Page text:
Orange County, CA 2014


Laguna Canyon artist FITZ Maurice, a New York native and former winner of the prestigious Jackson Pollock award has kept herself monumentally involved in her painting these days. Maurice, whose unique and colorful style distinguishes her, has been traversing the Nation’s National Parks, capturing the light, color, texture and grandeur of these geological treasures. With over a 1000 career paintings to her credit, her National Park Series, aptly titled “Quest,’ captures vistas not normally seen by the everyday park visitor. Maurice has routinely hiked for hours, or rafted her way to precariously breathtaking vantage points to paint ‘live’ and on location. See the results of these treks reflected in her striking work on display in her Laguna Canyon Studio.

Jackson Pollock Award Winner

FITZ Maurice and the Magic of her National Park Paintings Series

By SUZIE HARRISON ~ Suzie’s ARTiculation ~
Stunewslaguna.com ~5/30/17

Whether capturing the vibrantly rich colors of the screaming orange and yellow ocher pinnacles capped with fresh scintillating snow in Utah’s Bryce Canyon National Park, or the formidable regal and glorious presence of Mount Rainier National Park, using red and blue purples to honor its noble presence, FITZ Maurice’s National Park Paintings series takes the viewer to these parks, bestowing awe-inspiring wonder with such enduring affect.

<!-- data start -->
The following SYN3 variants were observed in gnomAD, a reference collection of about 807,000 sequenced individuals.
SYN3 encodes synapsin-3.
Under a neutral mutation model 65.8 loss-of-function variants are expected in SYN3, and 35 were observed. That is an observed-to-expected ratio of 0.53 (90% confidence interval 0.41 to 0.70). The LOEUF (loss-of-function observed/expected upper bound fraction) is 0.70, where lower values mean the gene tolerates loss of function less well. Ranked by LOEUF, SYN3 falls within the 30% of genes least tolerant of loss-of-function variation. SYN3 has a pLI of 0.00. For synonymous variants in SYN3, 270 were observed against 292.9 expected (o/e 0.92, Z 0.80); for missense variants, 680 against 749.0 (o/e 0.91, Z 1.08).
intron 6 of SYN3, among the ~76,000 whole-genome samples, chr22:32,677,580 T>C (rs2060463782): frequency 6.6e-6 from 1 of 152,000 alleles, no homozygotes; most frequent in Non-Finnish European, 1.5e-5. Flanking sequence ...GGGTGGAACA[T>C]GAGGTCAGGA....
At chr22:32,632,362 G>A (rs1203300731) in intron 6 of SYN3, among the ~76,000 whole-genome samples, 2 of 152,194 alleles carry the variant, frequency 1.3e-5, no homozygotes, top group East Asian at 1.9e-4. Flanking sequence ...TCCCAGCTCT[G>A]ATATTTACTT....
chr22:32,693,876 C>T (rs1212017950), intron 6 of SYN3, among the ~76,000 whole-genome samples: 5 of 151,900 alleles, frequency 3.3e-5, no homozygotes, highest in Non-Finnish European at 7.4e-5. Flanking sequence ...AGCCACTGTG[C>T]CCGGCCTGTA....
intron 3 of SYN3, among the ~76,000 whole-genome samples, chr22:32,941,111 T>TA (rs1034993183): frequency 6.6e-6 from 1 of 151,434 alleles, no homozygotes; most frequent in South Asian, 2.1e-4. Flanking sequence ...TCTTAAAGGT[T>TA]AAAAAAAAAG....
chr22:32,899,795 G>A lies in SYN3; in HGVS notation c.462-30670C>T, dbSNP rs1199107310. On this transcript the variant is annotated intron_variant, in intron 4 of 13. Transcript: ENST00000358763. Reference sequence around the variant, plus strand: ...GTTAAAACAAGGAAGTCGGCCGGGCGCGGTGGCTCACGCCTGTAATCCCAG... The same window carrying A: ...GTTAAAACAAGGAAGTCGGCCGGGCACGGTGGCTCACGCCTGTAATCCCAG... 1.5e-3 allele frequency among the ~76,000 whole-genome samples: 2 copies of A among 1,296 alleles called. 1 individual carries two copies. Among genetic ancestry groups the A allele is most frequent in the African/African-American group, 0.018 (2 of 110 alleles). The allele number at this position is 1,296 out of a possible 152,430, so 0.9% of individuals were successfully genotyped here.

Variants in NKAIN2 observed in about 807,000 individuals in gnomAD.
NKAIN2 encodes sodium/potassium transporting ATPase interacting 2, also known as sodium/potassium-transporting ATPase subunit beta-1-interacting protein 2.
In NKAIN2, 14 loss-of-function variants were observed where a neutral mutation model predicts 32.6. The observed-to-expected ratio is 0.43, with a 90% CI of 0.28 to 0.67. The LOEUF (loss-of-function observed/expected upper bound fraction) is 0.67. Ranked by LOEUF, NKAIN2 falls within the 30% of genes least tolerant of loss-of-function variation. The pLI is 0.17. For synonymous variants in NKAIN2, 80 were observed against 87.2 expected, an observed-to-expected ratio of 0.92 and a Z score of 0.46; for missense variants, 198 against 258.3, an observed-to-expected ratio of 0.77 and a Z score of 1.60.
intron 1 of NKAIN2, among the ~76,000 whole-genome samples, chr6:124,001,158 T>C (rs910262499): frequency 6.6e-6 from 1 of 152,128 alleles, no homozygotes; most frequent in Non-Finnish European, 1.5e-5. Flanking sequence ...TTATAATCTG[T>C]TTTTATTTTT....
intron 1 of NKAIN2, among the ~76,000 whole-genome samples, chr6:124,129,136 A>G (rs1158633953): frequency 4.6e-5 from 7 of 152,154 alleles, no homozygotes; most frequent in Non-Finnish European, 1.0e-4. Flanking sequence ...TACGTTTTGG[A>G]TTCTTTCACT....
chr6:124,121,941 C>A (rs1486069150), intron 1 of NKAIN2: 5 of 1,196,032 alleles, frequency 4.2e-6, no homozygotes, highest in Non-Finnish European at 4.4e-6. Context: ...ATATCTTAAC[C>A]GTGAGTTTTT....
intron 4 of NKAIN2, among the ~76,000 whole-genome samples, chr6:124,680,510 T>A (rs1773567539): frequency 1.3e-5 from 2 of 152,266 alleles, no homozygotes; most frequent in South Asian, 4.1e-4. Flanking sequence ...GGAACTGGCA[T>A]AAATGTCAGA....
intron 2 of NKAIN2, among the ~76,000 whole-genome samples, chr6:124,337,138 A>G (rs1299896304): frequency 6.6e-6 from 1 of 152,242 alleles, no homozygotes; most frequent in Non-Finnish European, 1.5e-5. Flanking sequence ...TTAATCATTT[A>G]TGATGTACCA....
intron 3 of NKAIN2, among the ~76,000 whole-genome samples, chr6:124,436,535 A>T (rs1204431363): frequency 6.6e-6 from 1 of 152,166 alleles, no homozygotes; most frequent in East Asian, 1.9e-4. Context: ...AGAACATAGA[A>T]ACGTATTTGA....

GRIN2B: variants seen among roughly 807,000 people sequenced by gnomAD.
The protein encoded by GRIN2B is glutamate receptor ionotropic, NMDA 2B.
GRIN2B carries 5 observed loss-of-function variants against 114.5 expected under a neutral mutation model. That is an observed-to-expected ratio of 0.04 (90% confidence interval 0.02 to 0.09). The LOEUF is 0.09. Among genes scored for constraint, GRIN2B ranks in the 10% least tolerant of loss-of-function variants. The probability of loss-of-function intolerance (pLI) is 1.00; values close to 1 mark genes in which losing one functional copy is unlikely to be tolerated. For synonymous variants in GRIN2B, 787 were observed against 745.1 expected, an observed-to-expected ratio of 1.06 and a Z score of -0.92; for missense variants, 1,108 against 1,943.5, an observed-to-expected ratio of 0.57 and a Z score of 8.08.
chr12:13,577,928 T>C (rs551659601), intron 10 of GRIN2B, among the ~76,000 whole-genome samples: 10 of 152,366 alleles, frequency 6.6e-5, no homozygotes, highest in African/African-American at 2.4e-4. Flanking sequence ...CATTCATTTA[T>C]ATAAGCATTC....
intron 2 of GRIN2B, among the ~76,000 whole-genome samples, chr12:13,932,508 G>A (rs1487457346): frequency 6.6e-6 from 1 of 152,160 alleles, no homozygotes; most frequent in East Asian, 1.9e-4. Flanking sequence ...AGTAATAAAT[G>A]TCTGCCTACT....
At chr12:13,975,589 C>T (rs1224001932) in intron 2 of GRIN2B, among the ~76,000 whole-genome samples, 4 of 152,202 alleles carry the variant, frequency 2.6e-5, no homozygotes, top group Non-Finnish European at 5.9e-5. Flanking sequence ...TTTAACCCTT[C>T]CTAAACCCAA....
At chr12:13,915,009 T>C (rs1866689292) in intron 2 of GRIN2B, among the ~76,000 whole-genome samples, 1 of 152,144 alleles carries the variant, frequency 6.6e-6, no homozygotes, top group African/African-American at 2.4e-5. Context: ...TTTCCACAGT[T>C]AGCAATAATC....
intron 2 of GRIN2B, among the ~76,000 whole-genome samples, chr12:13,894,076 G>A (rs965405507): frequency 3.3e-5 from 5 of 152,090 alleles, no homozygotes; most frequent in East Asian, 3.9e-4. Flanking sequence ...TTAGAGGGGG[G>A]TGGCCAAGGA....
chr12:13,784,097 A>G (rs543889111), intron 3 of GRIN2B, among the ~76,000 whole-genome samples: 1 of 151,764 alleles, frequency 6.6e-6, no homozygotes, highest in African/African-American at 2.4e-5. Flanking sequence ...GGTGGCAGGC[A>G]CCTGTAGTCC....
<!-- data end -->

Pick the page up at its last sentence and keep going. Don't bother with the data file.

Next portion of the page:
FITZ’s Story, in Her Own Words

“It started in the year 2002, the year I moved to New Mexico, where I had an enormous connection with the wild, raw spirit of New Mexico. It was very unexpected. And then the next thing I know, I am living 7000 feet up, alone, on top of a mountain. Where there’s four seasons, including full on winter and snow. I didn’t have a cell phone. I didn’t have television. I didn’t have Internet. And for three years, I painted and got very deeply rooted in nature. When I was out there, [I realized] New Mexico had phenomenal national parks. One was only 10 minutes from my mountaintop, El Morro National Park, and I painted that. Then I visited friends in Zion and captured Zion National Park.